Agree, I don't know too many $100M rabbit hunters (Constant Contact, MailChimp, SurveyMonkey?).ReplyDelete
Very straight forward post.ReplyDelete
I will come with another point. I think before thinking about generating 100 millions.
Its better to start with the market scope, meaning get the deman in the market where you are entering. Let's say the market is 10 billion per year. Now you start to with a market share anlysis to see big, middle and small players. Once done, you start pattern and trend analysis . You will discover some gap between custumers emotional needs and the ways companies are delivering value in the market. Lets me give you an explanation. advertisements is a big business , TVs has the big share, Google and Facebook has figure out a way to better serve the market with their ads service. the bottom line here is not about your 100 million plan first, but the market scope and also the market sophistication. Only you can start to use the best way to moove. Lets me give a concrete example.the outsourcing industry. Imagine we give full time ninja virtual assistant at 1000 usd per month, to 1 millions small companies. we have 1 billion revenue per month. the question is does this offer has a great value in the market and fill an emotional gap? let me say yes. Now do you want me to elaborate this plan? Nice day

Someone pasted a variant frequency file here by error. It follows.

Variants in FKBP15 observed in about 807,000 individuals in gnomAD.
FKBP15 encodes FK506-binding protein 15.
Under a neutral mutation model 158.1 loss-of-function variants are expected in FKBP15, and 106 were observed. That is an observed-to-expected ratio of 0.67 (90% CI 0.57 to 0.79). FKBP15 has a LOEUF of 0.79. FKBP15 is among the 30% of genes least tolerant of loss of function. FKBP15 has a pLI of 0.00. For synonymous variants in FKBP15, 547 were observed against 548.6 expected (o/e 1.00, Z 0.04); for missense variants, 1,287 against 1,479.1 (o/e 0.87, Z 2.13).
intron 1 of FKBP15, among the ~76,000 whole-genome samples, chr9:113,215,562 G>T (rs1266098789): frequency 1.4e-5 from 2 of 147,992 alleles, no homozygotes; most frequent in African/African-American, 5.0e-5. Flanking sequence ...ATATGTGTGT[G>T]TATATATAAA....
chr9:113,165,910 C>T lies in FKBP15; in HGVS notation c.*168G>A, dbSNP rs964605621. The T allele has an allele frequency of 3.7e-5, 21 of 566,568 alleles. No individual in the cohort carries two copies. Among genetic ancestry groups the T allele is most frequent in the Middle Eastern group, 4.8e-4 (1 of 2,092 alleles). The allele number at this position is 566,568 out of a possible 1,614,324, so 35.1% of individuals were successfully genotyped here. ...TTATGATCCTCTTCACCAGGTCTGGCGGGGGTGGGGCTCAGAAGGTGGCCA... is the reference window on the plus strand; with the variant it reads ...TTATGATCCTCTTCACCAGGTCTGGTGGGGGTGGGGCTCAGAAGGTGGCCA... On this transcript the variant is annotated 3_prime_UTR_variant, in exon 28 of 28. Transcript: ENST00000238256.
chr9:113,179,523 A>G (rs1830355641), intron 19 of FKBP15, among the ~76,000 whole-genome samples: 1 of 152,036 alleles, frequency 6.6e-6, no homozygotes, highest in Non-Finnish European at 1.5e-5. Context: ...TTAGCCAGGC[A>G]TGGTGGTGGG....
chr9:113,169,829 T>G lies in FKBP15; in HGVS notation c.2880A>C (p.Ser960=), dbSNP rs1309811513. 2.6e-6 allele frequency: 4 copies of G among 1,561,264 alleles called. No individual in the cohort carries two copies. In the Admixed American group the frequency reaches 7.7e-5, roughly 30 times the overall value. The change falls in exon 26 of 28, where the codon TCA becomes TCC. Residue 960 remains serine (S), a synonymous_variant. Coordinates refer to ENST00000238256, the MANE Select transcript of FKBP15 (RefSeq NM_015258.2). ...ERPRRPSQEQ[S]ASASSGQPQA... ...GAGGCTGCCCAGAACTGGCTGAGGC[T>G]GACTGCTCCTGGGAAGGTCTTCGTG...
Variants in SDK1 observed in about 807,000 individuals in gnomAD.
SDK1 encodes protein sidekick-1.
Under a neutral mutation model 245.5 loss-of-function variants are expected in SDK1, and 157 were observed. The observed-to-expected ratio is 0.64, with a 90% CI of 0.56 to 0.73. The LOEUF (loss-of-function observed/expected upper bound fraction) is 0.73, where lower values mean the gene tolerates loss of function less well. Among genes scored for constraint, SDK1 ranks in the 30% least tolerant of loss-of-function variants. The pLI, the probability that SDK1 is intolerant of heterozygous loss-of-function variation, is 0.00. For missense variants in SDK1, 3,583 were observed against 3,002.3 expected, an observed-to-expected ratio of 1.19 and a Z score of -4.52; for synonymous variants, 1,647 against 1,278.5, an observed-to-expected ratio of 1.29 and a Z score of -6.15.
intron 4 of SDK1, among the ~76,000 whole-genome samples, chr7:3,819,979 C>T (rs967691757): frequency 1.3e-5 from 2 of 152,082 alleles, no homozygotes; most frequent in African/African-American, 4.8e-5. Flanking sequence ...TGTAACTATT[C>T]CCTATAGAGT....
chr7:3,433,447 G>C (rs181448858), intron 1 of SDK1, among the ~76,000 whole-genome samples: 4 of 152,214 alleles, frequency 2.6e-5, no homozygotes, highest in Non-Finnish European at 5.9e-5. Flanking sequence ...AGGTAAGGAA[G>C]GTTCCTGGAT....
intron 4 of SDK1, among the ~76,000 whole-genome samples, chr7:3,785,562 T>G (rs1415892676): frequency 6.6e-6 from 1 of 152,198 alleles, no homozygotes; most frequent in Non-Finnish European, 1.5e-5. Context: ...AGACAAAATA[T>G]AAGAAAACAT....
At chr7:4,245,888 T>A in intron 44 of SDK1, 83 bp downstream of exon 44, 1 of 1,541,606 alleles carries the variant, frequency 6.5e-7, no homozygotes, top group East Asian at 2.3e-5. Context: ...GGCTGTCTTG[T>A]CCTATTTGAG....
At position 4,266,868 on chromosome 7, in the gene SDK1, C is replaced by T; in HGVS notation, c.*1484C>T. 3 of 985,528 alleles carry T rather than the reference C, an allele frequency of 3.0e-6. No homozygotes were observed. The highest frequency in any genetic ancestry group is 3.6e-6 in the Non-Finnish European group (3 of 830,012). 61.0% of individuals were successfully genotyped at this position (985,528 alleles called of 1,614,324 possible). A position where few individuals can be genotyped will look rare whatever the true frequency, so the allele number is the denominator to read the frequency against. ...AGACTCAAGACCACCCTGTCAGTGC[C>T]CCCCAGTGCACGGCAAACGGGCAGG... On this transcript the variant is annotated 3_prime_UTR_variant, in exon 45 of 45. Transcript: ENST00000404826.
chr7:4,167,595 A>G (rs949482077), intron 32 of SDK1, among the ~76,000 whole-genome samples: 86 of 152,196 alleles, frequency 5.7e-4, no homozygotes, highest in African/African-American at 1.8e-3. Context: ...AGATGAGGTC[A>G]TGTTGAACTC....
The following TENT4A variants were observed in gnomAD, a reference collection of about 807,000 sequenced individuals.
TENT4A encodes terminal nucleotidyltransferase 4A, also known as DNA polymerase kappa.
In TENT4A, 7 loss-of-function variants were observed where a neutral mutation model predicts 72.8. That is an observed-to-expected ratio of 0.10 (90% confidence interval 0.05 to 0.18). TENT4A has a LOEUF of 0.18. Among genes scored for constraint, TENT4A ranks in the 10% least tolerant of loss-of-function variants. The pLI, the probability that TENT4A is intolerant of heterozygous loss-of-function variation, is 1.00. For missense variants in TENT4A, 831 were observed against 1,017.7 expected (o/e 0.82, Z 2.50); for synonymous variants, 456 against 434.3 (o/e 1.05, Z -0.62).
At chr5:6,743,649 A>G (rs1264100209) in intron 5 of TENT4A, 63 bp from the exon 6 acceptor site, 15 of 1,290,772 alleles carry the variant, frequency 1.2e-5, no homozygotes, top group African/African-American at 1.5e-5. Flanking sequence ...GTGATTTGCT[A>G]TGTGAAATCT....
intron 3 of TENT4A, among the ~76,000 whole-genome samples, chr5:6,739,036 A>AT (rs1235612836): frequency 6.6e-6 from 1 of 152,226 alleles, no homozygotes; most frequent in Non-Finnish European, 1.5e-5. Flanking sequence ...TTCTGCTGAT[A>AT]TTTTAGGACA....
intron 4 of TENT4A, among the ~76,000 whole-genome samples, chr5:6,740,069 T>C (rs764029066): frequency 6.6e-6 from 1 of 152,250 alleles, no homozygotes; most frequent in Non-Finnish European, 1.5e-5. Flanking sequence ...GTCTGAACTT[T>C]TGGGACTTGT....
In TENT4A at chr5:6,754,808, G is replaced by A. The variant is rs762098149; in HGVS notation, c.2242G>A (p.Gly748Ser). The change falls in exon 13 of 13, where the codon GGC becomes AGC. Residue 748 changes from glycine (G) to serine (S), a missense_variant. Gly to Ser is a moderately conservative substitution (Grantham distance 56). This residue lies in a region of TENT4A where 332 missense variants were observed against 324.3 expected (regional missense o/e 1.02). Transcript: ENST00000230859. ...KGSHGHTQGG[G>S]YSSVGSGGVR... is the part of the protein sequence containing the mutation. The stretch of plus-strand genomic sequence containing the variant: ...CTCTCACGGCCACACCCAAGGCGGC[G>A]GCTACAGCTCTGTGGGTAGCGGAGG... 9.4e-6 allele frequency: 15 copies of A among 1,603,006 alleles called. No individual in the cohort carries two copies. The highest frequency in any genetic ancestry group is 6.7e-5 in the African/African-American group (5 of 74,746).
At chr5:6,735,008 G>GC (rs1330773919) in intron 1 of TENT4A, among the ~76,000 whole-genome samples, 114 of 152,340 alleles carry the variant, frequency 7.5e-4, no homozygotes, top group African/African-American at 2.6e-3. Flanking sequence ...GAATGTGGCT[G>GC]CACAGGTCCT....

There are more rabbit hunters than I can think of right now! Almost every SEO SaaS falls into this category.ReplyDelete
Even now. Who's a good search contender today? Bing?ReplyDelete
The hardest parts are getting those customers and keeping them. When you are high functioning like me you can do almost anything in IT, but lack people and social skills. People and social skills are needed to market and use public relations to get those customers and you have to emotionally connect to them. You have to keep them satisfied or else they leave and go somewhere else. You have to let them know what needs your products and services meet, you have to find ways your product and services save them money and time. This is why 9 out of 10 startups fail, can't connect to people enough to get them as customers.ReplyDelete